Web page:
July 16, 2024

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Doctor Who “The Faceless Ones Part 4”

The Second Doctor. "The Faceless Ones," Episode Four.

I think Jamie might have the best luck of any companion I have ever seen based on this episode.

Yes, the mysterious people behind Chameleon Tours took Inspector Crossland…somewhere, but by now, the Doctor has gotten most of the regular people in the airport on board to help except the officious commandant.  So, when the Doctor, Jamie, and new friend Samantha barely survive a slow moving laser (because the bad guys use James Bond death traps) thanks to a compact mirror that of course Samantha had in her handbag, it may be time to check out the first aid station (some nurse won’t let them in), and then to lure her out so the Doctor can look around inside.  If he’d just turned around when he briefly opened a door and saw the unconscious nurse, he might have made some real progress.

But by now, people are checking where those Chameleon flights land, and no one gets off.  The Doctor figures he can check the plane when it returns.  Also, he can have Jamie and Samantha keep an eye on that kiosk.

Has he noticed yet that Samantha tends to do her own thing anyway?  Jamie has.  So, when she buys a ticket for a Chameleon flight to follow her missing brother, Jamie goes in for a kiss…and swipes her ticket.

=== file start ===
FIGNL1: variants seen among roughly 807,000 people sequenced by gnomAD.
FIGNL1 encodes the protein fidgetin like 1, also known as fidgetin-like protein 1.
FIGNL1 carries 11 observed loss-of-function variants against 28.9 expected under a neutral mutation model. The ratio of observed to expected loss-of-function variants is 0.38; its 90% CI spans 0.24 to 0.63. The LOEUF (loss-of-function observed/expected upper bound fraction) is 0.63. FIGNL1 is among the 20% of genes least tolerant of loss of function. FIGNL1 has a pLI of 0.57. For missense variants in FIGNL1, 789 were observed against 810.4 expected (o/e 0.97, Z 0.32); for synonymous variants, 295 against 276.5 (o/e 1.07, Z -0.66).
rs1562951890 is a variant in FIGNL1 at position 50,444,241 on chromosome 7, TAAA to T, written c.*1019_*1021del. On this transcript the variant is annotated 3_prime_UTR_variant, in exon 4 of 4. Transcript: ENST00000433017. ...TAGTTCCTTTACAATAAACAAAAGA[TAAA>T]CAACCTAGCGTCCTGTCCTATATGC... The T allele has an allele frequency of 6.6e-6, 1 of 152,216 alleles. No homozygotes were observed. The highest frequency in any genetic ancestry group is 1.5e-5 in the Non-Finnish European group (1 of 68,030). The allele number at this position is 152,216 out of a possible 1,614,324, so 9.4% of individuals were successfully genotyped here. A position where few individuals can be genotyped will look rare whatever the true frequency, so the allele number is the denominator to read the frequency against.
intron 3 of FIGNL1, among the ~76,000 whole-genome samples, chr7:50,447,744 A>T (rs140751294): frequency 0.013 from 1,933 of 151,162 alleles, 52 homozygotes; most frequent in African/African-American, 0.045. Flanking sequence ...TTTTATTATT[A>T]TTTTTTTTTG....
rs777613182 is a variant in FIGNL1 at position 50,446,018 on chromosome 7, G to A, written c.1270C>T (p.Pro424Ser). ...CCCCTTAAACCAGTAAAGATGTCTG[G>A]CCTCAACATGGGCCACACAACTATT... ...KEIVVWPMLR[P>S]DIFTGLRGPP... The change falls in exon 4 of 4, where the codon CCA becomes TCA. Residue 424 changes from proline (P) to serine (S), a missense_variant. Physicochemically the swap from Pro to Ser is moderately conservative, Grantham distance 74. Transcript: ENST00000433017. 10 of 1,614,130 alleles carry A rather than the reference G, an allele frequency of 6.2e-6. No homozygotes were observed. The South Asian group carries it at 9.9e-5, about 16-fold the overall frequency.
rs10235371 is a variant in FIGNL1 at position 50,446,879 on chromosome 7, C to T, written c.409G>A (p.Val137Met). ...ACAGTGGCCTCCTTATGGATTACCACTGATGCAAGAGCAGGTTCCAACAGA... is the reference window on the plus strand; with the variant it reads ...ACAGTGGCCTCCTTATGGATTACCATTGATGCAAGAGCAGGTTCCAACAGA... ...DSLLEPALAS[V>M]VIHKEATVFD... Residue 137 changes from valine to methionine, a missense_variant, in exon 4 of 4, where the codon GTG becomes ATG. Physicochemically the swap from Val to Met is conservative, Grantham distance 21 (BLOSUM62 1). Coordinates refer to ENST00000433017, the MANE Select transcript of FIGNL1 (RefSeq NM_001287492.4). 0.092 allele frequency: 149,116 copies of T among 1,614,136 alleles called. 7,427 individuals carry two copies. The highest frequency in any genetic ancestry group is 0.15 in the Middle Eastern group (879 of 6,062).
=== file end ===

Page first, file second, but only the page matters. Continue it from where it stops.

He still doesn’t have a passport…

Regardless, he gets on the plane, and a Royal Air Force fighter follows them.

But those Chameleon jerks knock out the airman, and the Doctor back at Gatwick sees the plane go down on the radar, but then the Chameleon flight appears to do the same thing.  The Doctor suggests it’s going up instead of down.  The commandant scoffs.  But the plane is going up to a space ship of some kind.

So, why is Jamie so lucky?

Well, when the mystery beam makes the other passengers disappear, possibly by shrinking them down, Jamie wasn’t there.  He got airsick and ran off somewhere, so he might be fine since he wasn’t in his seat.

This is the sort of thing that only the Second Doctor’s adventures seem to have, and it’s also why I love ’em so.